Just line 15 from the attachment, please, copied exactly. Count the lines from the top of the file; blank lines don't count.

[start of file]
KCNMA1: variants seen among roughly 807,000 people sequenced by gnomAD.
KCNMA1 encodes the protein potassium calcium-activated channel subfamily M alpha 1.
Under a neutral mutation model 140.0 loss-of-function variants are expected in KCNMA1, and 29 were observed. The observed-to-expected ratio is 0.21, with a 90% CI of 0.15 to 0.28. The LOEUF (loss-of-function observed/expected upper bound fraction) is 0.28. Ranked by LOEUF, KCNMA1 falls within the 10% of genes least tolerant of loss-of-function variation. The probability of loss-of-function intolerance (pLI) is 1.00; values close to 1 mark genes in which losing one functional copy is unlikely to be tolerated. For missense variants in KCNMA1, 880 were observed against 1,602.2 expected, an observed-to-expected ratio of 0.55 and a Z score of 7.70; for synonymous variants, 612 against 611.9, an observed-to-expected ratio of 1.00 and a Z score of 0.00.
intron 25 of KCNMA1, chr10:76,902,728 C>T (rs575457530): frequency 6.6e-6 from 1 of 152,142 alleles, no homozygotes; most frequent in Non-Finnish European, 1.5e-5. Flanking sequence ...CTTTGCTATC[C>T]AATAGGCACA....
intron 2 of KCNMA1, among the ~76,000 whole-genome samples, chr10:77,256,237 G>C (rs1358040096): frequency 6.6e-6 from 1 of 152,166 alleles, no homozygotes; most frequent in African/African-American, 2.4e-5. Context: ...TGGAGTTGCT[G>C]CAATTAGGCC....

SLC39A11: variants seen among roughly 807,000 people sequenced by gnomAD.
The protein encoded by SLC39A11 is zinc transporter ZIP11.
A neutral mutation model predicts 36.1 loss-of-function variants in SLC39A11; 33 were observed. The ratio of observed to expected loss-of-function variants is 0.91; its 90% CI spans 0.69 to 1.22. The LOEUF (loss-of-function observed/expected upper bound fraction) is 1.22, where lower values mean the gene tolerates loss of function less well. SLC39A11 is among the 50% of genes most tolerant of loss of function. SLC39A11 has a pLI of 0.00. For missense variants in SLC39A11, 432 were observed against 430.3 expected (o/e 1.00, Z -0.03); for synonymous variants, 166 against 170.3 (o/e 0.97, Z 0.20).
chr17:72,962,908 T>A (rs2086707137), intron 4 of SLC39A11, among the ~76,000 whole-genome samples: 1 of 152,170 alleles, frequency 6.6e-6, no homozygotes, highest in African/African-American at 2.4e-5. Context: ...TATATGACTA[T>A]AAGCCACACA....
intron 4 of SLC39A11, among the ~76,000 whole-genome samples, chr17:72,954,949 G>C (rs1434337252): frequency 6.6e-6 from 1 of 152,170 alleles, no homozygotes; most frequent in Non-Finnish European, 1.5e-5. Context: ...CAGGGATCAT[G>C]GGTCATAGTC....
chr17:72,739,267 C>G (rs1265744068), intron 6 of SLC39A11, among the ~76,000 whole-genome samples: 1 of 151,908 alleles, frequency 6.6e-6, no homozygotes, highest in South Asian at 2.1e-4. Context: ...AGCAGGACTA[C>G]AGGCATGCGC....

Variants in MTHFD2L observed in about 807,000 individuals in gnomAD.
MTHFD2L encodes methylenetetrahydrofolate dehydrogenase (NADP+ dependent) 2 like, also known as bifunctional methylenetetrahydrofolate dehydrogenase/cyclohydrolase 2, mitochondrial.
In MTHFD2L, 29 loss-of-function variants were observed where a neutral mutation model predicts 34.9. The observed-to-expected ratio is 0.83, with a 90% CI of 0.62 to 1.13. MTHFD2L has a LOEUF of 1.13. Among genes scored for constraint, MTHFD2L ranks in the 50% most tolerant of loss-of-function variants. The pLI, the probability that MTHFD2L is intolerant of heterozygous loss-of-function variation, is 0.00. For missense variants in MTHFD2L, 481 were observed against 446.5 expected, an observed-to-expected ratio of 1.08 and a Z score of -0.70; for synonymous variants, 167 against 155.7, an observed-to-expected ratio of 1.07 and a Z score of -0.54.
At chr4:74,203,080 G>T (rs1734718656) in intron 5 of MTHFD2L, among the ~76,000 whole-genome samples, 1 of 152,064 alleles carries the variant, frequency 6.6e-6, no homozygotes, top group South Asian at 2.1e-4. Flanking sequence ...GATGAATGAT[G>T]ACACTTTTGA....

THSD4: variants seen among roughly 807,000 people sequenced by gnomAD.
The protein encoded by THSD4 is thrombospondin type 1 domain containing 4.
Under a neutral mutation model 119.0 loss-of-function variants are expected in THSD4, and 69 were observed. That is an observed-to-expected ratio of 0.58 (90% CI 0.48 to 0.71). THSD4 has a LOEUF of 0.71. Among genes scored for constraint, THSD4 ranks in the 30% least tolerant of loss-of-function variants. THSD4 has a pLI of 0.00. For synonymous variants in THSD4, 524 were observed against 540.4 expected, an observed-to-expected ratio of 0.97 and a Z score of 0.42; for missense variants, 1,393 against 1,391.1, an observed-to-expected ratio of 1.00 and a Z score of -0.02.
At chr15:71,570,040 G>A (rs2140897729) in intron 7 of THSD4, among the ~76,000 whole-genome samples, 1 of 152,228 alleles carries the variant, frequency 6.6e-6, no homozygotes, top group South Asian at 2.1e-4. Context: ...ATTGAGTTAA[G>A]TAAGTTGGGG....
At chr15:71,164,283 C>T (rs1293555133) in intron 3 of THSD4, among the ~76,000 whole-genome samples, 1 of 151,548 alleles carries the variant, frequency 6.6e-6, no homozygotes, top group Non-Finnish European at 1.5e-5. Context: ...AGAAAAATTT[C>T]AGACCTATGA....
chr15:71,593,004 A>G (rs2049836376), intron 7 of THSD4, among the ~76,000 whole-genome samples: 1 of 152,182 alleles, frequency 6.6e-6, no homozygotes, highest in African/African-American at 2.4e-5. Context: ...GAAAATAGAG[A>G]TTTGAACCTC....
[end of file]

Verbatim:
At chr4:74,203,080 G>T (rs1734718656) in intron 5 of MTHFD2L, among the ~76,000 whole-genome samples, 1 of 152,064 alleles carries the variant, frequency 6.6e-6, no homozygotes, top group South Asian at 2.1e-4. Flanking sequence ...GATGAATGAT[G>T]ACACTTTTGA....